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Former US President Bill Clinton has been taken to hospital with an illness believed to be sepsis, US media reports.
His spokesman, Angel Urena, said he is "on the mend" and "in good spirits".
He added: "He is incredibly thankful to doctors, nurses and staff providing him with excellent care"
The 75-year-old, who led the country between 1992 and 2000, was taken University of California Irvine medical centre on Tuesday after experiencing a range of symptoms.
He is being treated under continuous supervision in the Intensive Care Unit with intravenous antibiotics.
A statement by his doctors on Thursday night revealed that his white blood cell count "trending down" — which would suggest that he is fighting the infection successfully — and he is "responding to antibiotics well."
Doctors added: "We hope to have him go home soon."
Speaking on CNN, medical correspondent Dr Sanjay Gupta said: "I've spoken to members of his staff, and his doctors."
“What they think is going on with the former president now is a blood infection, sometimes known as sepsis… What the doctors have said is that he did have an episode.”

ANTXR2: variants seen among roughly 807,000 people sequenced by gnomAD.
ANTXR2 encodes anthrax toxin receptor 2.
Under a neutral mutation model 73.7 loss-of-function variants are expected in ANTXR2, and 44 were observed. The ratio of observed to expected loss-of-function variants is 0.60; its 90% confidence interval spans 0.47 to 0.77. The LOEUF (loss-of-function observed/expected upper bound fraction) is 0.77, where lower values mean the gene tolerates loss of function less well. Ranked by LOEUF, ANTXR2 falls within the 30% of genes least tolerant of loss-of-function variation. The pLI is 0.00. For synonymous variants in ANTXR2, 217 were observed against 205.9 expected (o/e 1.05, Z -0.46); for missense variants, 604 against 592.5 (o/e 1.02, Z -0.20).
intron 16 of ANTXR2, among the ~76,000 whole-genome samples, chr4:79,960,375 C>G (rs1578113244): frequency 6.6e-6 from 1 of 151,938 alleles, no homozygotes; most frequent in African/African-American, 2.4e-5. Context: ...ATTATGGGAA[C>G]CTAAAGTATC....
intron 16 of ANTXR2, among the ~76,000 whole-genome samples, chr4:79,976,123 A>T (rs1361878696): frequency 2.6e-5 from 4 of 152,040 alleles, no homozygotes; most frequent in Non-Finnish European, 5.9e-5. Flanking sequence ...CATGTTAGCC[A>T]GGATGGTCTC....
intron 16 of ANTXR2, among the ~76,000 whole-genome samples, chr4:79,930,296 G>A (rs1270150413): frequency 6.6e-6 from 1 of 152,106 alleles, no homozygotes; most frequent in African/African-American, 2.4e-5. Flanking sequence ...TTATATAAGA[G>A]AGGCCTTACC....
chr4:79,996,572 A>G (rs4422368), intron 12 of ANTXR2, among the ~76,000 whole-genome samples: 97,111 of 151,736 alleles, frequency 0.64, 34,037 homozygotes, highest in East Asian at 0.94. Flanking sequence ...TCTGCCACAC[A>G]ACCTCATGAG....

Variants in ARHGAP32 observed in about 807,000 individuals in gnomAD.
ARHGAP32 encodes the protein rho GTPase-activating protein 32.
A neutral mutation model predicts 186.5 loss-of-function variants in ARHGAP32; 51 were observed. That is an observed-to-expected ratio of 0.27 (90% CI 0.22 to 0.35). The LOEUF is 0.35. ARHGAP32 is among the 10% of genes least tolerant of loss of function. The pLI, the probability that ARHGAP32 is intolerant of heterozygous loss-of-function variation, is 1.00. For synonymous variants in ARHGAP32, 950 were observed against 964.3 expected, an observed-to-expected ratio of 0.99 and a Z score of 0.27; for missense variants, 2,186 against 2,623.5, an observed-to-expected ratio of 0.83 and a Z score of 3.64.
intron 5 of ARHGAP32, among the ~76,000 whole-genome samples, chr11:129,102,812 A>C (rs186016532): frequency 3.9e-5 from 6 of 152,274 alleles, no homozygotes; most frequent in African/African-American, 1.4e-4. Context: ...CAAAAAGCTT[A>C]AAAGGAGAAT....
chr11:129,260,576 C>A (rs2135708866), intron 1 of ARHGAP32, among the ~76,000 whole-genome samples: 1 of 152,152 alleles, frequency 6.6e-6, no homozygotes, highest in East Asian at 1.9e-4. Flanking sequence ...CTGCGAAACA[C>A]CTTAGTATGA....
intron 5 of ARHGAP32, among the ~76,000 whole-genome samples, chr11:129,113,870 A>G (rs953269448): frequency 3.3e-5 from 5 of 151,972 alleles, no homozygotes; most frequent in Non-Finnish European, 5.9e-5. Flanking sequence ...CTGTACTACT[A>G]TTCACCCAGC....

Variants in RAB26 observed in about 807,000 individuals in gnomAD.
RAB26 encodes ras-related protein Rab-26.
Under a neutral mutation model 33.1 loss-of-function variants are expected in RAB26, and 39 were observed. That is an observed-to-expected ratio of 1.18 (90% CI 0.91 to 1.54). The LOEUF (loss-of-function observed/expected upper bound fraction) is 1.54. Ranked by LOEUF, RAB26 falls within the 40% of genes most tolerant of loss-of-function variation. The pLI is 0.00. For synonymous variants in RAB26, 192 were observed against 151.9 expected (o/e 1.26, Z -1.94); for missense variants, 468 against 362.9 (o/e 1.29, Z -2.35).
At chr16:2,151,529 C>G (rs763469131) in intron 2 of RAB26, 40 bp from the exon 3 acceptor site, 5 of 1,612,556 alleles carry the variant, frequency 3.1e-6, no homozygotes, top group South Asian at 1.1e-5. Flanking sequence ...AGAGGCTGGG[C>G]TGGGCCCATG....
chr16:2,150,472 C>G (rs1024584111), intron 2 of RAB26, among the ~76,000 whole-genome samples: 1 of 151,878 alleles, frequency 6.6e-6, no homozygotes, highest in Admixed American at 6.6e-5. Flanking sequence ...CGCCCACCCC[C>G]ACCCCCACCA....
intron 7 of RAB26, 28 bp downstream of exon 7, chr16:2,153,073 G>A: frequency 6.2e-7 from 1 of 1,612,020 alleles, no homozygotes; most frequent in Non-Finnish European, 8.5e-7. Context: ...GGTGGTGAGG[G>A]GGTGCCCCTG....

Dr Gupta also said that he may be leaving hospital as soon as tomorrow, and is kept in the ICU for reasons of his own privacy.
Mr Clinton has previously experienced problems with his heart, but this latest medical issue is not believed to be related.
In 2004, he was given quadruple bypass surgery on his arteries after ending a stressful 8-year term with heart complaints.
He then returned to hospital in 2010 to have two stents inserted to open one artery after the bypass wore out.
The 42nd President committed to an almost-entirely vegan diet later that same year. He said a weekly salmon dish was the only meat he ate regularly.
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